In 2016, Elon Musk was rationalising Tesla’s acquisition of a solar panel installer known as SolarCity to investors. Despite its less-than-ideal financial health, the operation was then the top of its kind within the US.
“I’m pretty optimistic about how it’s going to turn out,” Musk reassured during a November call with analysts.
“It’s pretty transformational. It’s been extremely well received at the consumer level… There are quite a few naysayers on the financial front, some of the big hedge funds, whatnot. I see no chance of SolarCity going bankrupt. Zero.”
There was just a few issues. According to the lawsuit originally filed in 2017 by a consortium of Tesla shareholders, in the years since, SolarCity has demonstrated virtually no fiscal upside, “consistently [failing] to turn a profit… mounting debt… and burning through cash at an unsustainable rate.” As Forbes explains, the majority of company growth / debt was tied to heavy marketing spend. Even after this part of the budget was reallocated under the guidance of Musk, however, it wasn’t enough to salvage a sinking ship.
By all accounts, this was nothing more than a conveniently timed bail out for a failing business – a failing business, which was reportedly US$3 billion in the red prior to this ten-figure life raft, founded and and run by Elon Musk’s own cousins, Lyndon and Peter Rive. The cherry on top of this conflict-of-interest sundae? Musk himself was both Executive Chairman and the largest investor with a 22.2% stake at the time of acquisition / bail out.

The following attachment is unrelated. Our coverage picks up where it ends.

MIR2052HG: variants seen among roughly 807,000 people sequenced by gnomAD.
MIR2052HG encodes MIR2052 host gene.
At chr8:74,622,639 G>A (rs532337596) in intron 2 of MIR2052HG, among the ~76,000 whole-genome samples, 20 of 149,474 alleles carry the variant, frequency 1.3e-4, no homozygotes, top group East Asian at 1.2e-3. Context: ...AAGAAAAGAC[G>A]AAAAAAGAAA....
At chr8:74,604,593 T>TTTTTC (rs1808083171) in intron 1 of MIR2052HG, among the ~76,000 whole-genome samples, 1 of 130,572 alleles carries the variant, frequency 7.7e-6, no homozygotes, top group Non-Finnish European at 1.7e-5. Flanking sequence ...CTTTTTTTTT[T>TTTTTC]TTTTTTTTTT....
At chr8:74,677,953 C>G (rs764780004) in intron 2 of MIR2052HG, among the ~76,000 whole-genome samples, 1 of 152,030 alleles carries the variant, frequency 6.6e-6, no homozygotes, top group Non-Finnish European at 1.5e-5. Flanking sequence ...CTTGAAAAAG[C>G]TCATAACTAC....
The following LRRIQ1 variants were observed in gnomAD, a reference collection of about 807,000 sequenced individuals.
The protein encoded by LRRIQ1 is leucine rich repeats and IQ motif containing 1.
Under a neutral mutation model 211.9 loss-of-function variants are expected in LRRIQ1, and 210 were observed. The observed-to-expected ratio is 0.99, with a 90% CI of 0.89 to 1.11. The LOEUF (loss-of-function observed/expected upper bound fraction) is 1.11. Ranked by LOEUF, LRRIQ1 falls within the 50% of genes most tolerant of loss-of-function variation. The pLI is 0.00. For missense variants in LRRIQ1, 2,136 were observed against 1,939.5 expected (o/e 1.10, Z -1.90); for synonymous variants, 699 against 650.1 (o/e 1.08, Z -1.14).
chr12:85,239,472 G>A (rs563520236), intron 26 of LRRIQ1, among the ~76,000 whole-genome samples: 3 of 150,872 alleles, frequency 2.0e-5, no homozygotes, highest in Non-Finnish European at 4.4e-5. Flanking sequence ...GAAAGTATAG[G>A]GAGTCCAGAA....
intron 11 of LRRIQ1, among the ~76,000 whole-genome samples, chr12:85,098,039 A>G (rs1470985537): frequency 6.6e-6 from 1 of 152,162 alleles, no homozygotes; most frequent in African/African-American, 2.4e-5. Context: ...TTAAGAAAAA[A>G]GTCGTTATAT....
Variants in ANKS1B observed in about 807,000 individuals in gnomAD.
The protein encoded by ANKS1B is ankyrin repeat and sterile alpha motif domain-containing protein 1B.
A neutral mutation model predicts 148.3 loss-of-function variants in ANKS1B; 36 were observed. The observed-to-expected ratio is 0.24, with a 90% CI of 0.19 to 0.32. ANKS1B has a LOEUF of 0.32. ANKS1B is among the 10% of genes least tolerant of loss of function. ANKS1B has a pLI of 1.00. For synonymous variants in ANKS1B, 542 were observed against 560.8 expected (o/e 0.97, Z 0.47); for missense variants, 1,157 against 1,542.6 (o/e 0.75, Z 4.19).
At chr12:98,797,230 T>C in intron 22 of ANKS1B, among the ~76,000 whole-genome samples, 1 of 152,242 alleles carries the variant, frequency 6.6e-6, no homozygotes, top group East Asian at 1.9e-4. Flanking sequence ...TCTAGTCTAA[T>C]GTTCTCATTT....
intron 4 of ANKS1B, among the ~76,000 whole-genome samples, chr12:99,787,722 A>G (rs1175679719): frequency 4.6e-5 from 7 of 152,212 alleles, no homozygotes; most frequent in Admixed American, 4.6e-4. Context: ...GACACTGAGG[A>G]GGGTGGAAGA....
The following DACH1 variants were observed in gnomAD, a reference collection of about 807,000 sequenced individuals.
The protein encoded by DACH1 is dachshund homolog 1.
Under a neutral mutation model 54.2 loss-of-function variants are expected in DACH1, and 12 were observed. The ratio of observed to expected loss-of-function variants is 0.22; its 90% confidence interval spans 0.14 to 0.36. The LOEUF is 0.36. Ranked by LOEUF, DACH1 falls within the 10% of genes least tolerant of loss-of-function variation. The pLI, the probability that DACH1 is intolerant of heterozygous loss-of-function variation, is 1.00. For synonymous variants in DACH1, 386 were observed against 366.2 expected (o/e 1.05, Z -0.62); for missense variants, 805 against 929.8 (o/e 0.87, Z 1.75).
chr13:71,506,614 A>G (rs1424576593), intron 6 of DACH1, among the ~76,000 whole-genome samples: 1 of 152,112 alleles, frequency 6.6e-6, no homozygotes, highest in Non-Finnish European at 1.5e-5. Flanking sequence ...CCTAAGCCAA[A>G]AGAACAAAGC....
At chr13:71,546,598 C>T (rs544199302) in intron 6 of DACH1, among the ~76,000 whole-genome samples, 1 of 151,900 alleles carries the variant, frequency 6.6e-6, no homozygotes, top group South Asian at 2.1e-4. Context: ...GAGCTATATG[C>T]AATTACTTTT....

On July 12th, Elon Musk will head to the Court of Chancery in Delaware as the sole defendant of the SolarCity lawsuit brought forth by Tesla shareholders, where he alone will be on the hook for damages amounting to between US$2.2 billion (AU$2.95 billion) – the total investment from the EV manufacturer – and US$2.6 billion (AU$3.48 billion). Led by Chair Robyn Denholm, every other Tesla board member originally named in the SolarCity lawsuit accused of benefitting from the deal “at the expense of Tesla and its minority stakeholders” have already settled as of January 2020, forfeiting a considerably more lenient US$60 million (AU$80 million).
For a bit of light reading, you can skim through the Elon Musk SolarCity lawsuit filing here.